FOREMAN (voice-over): Three million dollars to a firearms company executive, $400,000 to a former pro football player, $255,000 to a former police officer and 50,000 to a rock star. In all, the "Washington Post" cites 18 members of the National Rifle Association board getting paid for a variety of goose and services by the NRA.
Illegal? No. But for a powerful tax-exempt organization such matters can draw scrutiny from the Internal Revenue Service.
George Donnini is an attorney focused on corporate law.
GEORGE DONNINI, CORPORATE LAW ATTORNEY: It calls into question, at least potentially, people acting in their own self-interest versus the interest of the organization, to which they owe a fiduciary duty.
FOREMAN: Tax law says a 501(c)3 organization, such as the NRA, "is prohibited to allow its assets to benefit insiders, typically, board members, officers, directors and important employees."
The NRA says "The Post" has presented a distorted view. And in the close-knit community of gun rights supporters and the NRA connections between employees or board members and strategic partners are not unusual.
But other allegations are also rocking the gun rights group.
OLIVER NORTH, FORMER NRA PRESIDENT: I always feel at home at an NRA annual meeting surrounded by law-abiding citizens of in great republic.
FOREMAN: NRA president, Oliver North, was pushed out when he went to war with longtime CEO, Wayne Lapierre, who has been accused of lavish spending on clothes, foreign travel, and approving exorbitant legal fees.
WAYNE LAPIERRE, CEO, NRA: Well, I'll tell you, the only reason I can keep up this fight is because of you.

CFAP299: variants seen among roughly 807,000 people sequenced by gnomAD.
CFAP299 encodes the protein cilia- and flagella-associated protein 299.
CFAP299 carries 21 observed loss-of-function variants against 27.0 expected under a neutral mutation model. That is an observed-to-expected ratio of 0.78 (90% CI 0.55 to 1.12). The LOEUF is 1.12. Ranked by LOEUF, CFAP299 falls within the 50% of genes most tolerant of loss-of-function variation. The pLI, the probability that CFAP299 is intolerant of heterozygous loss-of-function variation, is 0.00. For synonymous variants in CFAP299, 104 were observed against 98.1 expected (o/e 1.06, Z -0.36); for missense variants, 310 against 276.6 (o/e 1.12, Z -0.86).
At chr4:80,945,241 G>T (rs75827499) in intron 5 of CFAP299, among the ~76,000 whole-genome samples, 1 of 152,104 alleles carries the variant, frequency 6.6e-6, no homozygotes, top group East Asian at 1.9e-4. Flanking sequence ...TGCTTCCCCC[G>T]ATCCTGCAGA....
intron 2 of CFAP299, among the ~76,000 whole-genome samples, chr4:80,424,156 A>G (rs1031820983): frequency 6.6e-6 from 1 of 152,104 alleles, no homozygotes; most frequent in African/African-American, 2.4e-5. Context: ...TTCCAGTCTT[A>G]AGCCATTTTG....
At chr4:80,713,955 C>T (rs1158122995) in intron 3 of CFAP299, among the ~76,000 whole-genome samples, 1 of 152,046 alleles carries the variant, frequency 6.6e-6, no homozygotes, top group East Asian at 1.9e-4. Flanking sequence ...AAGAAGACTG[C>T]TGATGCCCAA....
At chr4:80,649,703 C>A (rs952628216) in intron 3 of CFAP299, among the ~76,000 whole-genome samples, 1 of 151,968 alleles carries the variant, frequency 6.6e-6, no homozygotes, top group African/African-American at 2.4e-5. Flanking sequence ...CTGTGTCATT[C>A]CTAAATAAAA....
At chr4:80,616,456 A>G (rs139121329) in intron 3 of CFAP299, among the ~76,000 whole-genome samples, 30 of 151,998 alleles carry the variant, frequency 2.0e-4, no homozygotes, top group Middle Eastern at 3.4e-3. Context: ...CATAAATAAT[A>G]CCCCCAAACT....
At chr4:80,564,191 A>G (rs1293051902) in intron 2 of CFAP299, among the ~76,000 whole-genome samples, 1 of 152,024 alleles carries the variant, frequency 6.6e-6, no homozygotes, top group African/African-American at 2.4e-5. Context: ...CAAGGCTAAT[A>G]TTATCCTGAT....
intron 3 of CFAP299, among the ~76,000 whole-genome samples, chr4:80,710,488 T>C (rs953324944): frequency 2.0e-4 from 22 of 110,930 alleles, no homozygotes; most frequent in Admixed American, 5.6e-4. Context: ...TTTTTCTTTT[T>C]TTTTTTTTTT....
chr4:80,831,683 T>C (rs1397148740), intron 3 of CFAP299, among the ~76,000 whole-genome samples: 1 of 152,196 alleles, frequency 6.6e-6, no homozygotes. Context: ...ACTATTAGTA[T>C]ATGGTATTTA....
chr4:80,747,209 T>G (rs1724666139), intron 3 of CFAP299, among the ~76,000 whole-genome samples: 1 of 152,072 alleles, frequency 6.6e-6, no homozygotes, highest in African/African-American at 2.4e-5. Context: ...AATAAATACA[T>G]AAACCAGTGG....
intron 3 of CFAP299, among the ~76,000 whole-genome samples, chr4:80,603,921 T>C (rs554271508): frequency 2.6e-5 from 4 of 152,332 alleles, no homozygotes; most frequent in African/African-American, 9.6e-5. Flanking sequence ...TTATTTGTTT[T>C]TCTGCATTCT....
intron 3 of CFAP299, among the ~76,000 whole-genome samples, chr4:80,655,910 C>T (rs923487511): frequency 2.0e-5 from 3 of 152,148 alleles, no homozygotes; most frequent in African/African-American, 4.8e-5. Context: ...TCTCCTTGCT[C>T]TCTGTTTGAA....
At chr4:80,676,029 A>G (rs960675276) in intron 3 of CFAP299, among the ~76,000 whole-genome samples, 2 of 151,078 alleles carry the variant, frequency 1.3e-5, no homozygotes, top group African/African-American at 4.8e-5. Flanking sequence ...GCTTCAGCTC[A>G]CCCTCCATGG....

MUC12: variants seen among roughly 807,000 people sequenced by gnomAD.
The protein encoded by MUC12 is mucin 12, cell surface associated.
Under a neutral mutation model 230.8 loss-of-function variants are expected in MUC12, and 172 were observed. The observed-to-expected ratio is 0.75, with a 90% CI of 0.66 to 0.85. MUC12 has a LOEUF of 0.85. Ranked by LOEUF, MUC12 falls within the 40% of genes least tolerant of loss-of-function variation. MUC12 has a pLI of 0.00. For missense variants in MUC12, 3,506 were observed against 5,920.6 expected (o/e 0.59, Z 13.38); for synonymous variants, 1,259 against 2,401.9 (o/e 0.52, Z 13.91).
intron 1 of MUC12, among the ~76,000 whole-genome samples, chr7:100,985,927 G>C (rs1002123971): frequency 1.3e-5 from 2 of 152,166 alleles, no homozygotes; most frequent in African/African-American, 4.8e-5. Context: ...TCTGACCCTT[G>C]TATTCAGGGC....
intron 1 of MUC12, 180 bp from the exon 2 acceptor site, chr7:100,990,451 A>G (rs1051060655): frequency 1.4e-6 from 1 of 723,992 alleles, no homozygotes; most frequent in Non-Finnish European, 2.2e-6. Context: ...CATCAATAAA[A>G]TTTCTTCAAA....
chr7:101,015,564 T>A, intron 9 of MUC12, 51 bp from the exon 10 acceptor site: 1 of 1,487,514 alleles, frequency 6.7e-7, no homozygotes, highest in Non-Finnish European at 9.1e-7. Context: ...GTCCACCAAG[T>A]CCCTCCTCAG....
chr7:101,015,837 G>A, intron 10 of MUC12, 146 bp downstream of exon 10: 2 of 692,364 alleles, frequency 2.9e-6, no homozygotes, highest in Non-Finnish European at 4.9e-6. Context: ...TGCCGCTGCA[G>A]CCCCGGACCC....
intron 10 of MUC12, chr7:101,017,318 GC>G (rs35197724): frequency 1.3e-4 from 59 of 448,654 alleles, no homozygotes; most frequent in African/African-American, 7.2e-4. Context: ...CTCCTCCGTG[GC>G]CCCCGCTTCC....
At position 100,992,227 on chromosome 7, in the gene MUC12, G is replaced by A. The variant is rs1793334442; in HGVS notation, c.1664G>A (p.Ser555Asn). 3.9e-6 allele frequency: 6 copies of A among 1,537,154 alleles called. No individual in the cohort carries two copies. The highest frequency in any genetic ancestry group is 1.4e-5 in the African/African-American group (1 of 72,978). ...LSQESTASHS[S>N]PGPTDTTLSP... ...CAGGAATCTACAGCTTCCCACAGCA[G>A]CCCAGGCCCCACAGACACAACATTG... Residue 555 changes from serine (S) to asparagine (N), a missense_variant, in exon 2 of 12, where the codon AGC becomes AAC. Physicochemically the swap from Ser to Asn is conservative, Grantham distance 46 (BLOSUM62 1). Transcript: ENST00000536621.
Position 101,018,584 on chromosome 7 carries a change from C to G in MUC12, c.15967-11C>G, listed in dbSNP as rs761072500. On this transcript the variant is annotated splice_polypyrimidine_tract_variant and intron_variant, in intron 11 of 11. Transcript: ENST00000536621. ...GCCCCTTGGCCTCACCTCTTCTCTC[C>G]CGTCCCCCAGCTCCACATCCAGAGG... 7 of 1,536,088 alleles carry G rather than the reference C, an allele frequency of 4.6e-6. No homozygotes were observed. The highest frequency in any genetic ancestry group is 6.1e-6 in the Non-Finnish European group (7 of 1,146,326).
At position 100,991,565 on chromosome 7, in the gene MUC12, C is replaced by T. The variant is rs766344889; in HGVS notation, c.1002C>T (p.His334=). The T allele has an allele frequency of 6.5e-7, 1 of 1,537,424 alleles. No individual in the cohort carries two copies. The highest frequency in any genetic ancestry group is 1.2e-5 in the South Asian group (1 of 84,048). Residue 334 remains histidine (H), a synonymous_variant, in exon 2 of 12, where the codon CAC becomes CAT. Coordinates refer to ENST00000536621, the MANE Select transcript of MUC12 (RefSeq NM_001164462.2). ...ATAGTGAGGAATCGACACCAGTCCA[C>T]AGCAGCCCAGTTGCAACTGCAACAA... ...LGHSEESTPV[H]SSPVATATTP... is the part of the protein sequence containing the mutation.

FOREMAN: Lapierre pointed the finger at North, accusing him of cashing in on an NRA deal with an advertising company. Everyone is denying everything.
But amid this, the New York attorney general has launched a probe. Congressional investigators are looking at alleged contact between NRA officials and some people caught up in the Russia investigation.
And even President Trump who loves the NRA --
DONALD TRUMP, PRESIDENT OF THE UNITED STATES: You are great American patriots.
FOREMAN: -- has tweeted, "Stop the internal fighting and get back to greatness."
FOREMAN: Now, nobody really thinks the NRA is going to lose their tax-exempt status over this. That's a real long shot.
But nobody at the NRA is happy about this either because the optics are just so bad here, Kate. The idea that the people who are writing the checks --
FOREMAN: -- includes the people who are getting the checks.
They may say they have some firewalls in place but I'm not sure how that's going to fly with their members out there. And at a time when the NRA already has some problems, it's another case of them shooting themselves in the foot -- Kate?
BOLDUAN: Pun intended.
FOREMAN: Pun intended.
BOLDUAN: Tom, thank you so much. Thank you so much. I really appreciate it.
[11:54:04] Coming up, all eyes on Iowa. President Trump, Joe Biden hitting the ground in the state.